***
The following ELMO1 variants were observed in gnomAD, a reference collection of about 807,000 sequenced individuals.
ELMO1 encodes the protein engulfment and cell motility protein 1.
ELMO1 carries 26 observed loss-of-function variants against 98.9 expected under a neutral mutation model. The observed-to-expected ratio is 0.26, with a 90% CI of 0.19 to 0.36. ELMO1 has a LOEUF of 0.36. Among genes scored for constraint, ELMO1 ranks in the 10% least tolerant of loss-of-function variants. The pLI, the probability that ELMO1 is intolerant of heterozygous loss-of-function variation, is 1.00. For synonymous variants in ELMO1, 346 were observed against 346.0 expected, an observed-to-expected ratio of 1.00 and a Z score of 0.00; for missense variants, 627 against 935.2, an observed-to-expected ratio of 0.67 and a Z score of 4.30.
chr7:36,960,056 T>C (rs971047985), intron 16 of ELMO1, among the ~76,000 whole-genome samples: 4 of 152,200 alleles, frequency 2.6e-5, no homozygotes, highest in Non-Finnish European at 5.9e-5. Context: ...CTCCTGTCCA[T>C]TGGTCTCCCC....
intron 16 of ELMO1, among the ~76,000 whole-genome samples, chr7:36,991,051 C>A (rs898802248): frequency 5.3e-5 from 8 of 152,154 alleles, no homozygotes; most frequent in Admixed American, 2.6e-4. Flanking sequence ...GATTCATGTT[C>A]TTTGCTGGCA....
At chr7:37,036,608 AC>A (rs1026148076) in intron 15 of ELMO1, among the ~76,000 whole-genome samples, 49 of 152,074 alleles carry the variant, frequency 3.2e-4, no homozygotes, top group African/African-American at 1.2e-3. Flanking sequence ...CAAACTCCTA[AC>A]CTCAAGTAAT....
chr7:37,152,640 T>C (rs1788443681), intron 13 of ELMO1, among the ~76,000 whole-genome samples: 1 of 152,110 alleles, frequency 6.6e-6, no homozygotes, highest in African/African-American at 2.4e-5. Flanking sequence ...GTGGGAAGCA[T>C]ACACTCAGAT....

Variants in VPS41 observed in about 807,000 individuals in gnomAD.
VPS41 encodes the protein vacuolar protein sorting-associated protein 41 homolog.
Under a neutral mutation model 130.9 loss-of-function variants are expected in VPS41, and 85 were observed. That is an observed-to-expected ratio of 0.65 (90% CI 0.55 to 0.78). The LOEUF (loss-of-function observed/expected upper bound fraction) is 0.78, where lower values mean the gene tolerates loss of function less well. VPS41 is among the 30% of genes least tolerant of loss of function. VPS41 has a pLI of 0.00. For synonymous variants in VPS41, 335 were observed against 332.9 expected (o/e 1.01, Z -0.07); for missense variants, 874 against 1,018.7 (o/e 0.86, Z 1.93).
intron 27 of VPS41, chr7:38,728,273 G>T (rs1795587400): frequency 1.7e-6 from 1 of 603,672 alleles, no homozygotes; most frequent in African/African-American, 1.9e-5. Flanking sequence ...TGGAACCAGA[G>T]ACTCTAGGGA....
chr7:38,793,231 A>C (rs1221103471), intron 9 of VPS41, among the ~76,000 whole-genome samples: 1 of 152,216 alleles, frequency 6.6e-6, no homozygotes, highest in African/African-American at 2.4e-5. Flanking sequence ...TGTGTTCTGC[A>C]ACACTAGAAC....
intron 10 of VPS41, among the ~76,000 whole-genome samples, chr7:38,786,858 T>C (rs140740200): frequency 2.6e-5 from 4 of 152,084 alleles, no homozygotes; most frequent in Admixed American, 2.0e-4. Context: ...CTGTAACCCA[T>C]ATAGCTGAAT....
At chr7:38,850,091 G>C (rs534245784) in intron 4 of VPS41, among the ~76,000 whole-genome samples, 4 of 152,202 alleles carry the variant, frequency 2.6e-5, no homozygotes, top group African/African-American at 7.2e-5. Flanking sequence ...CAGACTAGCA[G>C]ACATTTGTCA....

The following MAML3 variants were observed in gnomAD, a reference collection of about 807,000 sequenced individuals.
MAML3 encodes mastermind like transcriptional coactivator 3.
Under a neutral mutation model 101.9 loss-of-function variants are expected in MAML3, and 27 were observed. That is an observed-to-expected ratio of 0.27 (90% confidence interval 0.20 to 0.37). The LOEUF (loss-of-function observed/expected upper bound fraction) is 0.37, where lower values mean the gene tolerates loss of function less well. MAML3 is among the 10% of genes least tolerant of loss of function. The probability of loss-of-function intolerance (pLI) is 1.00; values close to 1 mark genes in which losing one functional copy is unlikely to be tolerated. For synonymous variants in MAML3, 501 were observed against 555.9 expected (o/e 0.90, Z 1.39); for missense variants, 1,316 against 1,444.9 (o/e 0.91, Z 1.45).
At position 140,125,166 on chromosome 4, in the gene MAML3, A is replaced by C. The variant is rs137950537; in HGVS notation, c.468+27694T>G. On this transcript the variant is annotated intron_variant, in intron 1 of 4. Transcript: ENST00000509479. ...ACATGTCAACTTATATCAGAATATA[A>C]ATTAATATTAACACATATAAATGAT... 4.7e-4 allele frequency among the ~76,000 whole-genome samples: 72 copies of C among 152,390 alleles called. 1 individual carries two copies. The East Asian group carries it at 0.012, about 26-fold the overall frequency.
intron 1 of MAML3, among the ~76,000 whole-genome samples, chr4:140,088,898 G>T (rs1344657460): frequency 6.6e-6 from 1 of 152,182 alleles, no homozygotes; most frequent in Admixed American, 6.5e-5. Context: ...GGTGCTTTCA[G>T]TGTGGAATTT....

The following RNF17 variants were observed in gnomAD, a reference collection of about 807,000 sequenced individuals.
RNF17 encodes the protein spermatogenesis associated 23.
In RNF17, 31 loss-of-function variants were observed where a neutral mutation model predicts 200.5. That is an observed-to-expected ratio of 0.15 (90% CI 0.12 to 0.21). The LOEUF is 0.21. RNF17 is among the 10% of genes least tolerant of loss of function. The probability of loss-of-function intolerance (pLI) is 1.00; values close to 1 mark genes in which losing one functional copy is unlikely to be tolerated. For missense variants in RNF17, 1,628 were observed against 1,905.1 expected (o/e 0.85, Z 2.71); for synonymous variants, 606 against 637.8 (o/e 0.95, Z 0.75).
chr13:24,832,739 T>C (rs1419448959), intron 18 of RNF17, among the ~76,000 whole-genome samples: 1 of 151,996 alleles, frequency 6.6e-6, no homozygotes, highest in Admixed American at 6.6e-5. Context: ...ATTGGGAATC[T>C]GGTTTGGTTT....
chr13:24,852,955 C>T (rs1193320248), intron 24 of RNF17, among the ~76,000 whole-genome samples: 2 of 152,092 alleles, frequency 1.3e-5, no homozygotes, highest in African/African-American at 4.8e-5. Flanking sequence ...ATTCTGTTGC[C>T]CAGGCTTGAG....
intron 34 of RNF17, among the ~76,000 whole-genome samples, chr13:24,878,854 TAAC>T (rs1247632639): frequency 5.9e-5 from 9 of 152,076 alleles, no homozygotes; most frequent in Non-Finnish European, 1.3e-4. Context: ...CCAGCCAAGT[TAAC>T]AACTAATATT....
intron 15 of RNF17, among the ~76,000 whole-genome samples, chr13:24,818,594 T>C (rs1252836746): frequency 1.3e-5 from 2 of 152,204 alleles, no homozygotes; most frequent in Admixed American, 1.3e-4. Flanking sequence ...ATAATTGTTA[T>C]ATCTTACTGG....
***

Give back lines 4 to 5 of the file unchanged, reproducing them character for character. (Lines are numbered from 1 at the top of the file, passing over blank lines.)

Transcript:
chr7:36,960,056 T>C (rs971047985), intron 16 of ELMO1, among the ~76,000 whole-genome samples: 4 of 152,200 alleles, frequency 2.6e-5, no homozygotes, highest in Non-Finnish European at 5.9e-5. Context: ...CTCCTGTCCA[T>C]TGGTCTCCCC....
intron 16 of ELMO1, among the ~76,000 whole-genome samples, chr7:36,991,051 C>A (rs898802248): frequency 5.3e-5 from 8 of 152,154 alleles, no homozygotes; most frequent in Admixed American, 2.6e-4. Flanking sequence ...GATTCATGTT[C>A]TTTGCTGGCA....